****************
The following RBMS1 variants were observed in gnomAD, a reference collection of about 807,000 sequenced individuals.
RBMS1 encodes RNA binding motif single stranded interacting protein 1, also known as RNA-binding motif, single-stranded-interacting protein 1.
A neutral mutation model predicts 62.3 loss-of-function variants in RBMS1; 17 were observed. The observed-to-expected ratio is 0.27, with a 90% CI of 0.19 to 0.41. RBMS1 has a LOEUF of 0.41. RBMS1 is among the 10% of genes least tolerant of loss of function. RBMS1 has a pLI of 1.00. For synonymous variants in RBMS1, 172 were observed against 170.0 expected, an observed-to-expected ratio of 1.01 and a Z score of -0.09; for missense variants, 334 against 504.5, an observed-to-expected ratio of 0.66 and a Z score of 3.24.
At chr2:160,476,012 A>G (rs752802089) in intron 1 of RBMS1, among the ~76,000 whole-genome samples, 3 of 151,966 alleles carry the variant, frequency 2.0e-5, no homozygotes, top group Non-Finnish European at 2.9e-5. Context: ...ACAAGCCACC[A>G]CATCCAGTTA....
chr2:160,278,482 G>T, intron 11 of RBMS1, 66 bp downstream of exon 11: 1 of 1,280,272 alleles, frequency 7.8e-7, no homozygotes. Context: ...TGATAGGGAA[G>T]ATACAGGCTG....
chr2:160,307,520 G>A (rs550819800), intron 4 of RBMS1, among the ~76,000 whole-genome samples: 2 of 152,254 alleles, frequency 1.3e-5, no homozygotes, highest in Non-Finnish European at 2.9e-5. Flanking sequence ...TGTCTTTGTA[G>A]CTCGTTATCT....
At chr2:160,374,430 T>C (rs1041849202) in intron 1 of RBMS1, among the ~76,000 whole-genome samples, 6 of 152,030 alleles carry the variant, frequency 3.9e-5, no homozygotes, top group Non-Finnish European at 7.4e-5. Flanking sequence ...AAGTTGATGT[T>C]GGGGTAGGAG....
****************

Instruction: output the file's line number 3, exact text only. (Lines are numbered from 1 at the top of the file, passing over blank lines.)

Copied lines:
A neutral mutation model predicts 62.3 loss-of-function variants in RBMS1; 17 were observed. The observed-to-expected ratio is 0.27, with a 90% CI of 0.19 to 0.41. RBMS1 has a LOEUF of 0.41. RBMS1 is among the 10% of genes least tolerant of loss of function. RBMS1 has a pLI of 1.00. For synonymous variants in RBMS1, 172 were observed against 170.0 expected, an observed-to-expected ratio of 1.01 and a Z score of -0.09; for missense variants, 334 against 504.5, an observed-to-expected ratio of 0.66 and a Z score of 3.24.